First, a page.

3.ELIMINATE NEEDLESS INTERRUPTIONS - Close your office door (post a sign saying, "In conference" if you have to). Let your staff or voice mail record your messages and then return calls all at once during a specific time of day.

4.CONSOLIDATE ERRANDS - Make one shopping trip to go to the dry cleaner, drug store, barber, and grocery store… (instead of four trips). Organize your route to avoid backtracking. Keep an ongoing list of supplies that you need to eliminate repeat trips for forgotten items.

5.CLUMP SIMILAR TASKS TOGETHER AND DO THEM ALL AT ONCE - It is far more time efficient to make phone calls all at once, work on all correspondence, and open all mail, than it is to intermingle these tasks.

6.ORGANIZE LIVING AND WORK SPACES - Disorganized space is not just inefficient, it is psychologically exhausting. Pick one area to organize every day for a month. Start with the area that bothers you the most or, if disorganization doesn't seem to bother you, start where you spend the most time. If the very idea of organizing overwhelms you, hire a professional to do it for you.

7.INVEST IN THE PROPER TOOLS NEEDED TO GET YOUR JOB DONE MORE EFFECTIVELY - In the long run, it is far more costly to make do with outdated tools and ineffective equipment than to buy what you need to improve production.

8.MINIMIZE SCHMOOZING - Don't let co-workers or friends waste your time. Schmooze over lunch or during breaks or, better yet, invite them to talk over a walk.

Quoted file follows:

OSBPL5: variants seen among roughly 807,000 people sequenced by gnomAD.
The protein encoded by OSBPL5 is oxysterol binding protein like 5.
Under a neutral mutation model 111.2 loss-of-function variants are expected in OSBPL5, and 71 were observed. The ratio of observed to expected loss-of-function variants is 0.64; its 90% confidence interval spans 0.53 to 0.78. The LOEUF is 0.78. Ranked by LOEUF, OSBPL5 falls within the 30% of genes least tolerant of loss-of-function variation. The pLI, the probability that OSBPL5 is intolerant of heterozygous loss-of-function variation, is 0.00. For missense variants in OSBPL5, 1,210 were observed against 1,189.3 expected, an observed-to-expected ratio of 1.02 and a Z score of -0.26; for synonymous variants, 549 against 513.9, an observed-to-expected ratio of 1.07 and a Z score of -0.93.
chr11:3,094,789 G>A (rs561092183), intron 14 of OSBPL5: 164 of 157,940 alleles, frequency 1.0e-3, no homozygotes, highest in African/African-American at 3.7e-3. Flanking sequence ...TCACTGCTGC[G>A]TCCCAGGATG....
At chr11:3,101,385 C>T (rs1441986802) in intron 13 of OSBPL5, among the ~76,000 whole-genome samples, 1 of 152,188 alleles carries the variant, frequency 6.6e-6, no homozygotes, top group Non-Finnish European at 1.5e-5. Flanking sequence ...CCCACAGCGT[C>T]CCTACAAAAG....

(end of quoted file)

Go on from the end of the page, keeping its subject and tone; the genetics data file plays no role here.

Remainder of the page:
9.START A GREETING CARD FILE AND GIFT CLOSET - Buy birthday, anniversary, get well, thank you, and congratulation cards and gifts and organize them according to occasion. This will save you dozens of trips during the year and assure you of always having cards on hand for emergencies.

10.UTILIZE DELIVERY AND PROFESSIONAL SERVICES - Ask yourself, “Will doing this cost me more in time than it would in money if someone else did it for me?’ If so, pay to have someone else do it and utilize your time more effectively.

11.AVOID PEOPLE WHO DRAIN YOU - It’s good to invest time in people, but there are certain individuals who practically suck the life right out of you. They are the kind of people who light up the room when they leave. Identify those individuals in your life and limit your exposure to them. 

12.LEARN TO SAY “NO” - You are not superhuman. There is a limit to your energy and ability to accomplish an endless list of tasks. Say “no” to low priority items. Use this phrase to get out of a challenging situation: “It seems like an exciting project and I would love to do it, but I have already committed to another project that is consuming all my free time. Thanks for thinking of me though.”